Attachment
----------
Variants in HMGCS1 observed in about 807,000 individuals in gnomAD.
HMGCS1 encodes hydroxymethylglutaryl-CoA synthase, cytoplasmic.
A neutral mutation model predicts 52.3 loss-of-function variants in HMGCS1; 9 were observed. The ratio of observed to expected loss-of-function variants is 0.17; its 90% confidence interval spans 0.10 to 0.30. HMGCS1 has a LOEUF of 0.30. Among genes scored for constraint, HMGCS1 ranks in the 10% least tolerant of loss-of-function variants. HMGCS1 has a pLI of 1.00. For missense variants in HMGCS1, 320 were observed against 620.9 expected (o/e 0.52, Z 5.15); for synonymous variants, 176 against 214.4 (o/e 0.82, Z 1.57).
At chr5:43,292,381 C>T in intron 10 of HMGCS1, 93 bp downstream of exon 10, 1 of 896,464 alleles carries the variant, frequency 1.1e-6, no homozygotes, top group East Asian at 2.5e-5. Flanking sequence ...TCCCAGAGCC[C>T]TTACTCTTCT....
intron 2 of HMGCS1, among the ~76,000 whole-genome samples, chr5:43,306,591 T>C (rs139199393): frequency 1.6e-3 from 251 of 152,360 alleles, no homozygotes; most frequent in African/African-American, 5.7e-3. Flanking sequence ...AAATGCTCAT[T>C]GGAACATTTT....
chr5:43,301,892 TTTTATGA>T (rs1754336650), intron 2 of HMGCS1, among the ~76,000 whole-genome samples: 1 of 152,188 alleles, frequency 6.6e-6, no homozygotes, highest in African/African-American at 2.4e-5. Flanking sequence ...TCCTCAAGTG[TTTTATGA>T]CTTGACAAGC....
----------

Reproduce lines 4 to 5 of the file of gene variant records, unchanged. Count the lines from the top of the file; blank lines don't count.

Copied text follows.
At chr5:43,292,381 C>T in intron 10 of HMGCS1, 93 bp downstream of exon 10, 1 of 896,464 alleles carries the variant, frequency 1.1e-6, no homozygotes, top group East Asian at 2.5e-5. Flanking sequence ...TCCCAGAGCC[C>T]TTACTCTTCT....
intron 2 of HMGCS1, among the ~76,000 whole-genome samples, chr5:43,306,591 T>C (rs139199393): frequency 1.6e-3 from 251 of 152,360 alleles, no homozygotes; most frequent in African/African-American, 5.7e-3. Flanking sequence ...AAATGCTCAT[T>C]GGAACATTTT....